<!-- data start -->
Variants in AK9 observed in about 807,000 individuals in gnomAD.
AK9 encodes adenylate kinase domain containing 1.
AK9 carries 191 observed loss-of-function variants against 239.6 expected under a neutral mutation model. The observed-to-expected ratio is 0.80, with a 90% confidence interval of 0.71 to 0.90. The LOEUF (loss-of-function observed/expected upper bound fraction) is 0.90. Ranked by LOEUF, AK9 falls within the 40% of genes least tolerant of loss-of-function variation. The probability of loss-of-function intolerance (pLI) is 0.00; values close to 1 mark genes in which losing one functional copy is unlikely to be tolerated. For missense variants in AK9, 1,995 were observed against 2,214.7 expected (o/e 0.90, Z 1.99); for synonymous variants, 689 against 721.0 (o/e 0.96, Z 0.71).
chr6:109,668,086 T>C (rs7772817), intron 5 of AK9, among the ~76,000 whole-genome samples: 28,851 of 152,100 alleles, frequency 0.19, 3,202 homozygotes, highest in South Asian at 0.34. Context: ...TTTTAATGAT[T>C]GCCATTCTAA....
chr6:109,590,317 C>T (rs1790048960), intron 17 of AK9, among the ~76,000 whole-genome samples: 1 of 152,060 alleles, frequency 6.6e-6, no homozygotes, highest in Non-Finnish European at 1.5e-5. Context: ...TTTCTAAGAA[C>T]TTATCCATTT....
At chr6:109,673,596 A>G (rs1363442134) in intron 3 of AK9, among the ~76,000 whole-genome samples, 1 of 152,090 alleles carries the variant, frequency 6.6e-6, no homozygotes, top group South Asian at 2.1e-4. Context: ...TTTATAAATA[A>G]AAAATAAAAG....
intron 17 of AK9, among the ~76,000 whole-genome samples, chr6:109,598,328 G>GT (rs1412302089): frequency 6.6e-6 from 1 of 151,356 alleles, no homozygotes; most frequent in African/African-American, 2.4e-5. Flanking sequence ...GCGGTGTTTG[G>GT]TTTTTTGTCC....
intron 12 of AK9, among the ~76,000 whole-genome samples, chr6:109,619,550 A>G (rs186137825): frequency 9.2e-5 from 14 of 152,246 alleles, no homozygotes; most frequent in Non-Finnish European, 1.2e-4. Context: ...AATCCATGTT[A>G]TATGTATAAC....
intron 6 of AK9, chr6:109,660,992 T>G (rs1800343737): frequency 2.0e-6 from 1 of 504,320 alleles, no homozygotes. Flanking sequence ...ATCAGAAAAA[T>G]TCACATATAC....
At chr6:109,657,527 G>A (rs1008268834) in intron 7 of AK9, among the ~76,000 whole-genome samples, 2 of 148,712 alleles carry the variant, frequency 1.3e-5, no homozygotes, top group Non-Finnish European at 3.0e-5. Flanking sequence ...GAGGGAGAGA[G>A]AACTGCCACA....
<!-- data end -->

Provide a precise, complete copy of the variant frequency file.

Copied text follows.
Variants in AK9 observed in about 807,000 individuals in gnomAD.
AK9 encodes adenylate kinase domain containing 1.
AK9 carries 191 observed loss-of-function variants against 239.6 expected under a neutral mutation model. The observed-to-expected ratio is 0.80, with a 90% confidence interval of 0.71 to 0.90. The LOEUF (loss-of-function observed/expected upper bound fraction) is 0.90. Ranked by LOEUF, AK9 falls within the 40% of genes least tolerant of loss-of-function variation. The probability of loss-of-function intolerance (pLI) is 0.00; values close to 1 mark genes in which losing one functional copy is unlikely to be tolerated. For missense variants in AK9, 1,995 were observed against 2,214.7 expected (o/e 0.90, Z 1.99); for synonymous variants, 689 against 721.0 (o/e 0.96, Z 0.71).
chr6:109,668,086 T>C (rs7772817), intron 5 of AK9, among the ~76,000 whole-genome samples: 28,851 of 152,100 alleles, frequency 0.19, 3,202 homozygotes, highest in South Asian at 0.34. Context: ...TTTTAATGAT[T>C]GCCATTCTAA....
chr6:109,590,317 C>T (rs1790048960), intron 17 of AK9, among the ~76,000 whole-genome samples: 1 of 152,060 alleles, frequency 6.6e-6, no homozygotes, highest in Non-Finnish European at 1.5e-5. Context: ...TTTCTAAGAA[C>T]TTATCCATTT....
At chr6:109,673,596 A>G (rs1363442134) in intron 3 of AK9, among the ~76,000 whole-genome samples, 1 of 152,090 alleles carries the variant, frequency 6.6e-6, no homozygotes, top group South Asian at 2.1e-4. Context: ...TTTATAAATA[A>G]AAAATAAAAG....
intron 17 of AK9, among the ~76,000 whole-genome samples, chr6:109,598,328 G>GT (rs1412302089): frequency 6.6e-6 from 1 of 151,356 alleles, no homozygotes; most frequent in African/African-American, 2.4e-5. Flanking sequence ...GCGGTGTTTG[G>GT]TTTTTTGTCC....
intron 12 of AK9, among the ~76,000 whole-genome samples, chr6:109,619,550 A>G (rs186137825): frequency 9.2e-5 from 14 of 152,246 alleles, no homozygotes; most frequent in Non-Finnish European, 1.2e-4. Context: ...AATCCATGTT[A>G]TATGTATAAC....
intron 6 of AK9, chr6:109,660,992 T>G (rs1800343737): frequency 2.0e-6 from 1 of 504,320 alleles, no homozygotes. Flanking sequence ...ATCAGAAAAA[T>G]TCACATATAC....
At chr6:109,657,527 G>A (rs1008268834) in intron 7 of AK9, among the ~76,000 whole-genome samples, 2 of 148,712 alleles carry the variant, frequency 1.3e-5, no homozygotes, top group Non-Finnish European at 3.0e-5. Flanking sequence ...GAGGGAGAGA[G>A]AACTGCCACA....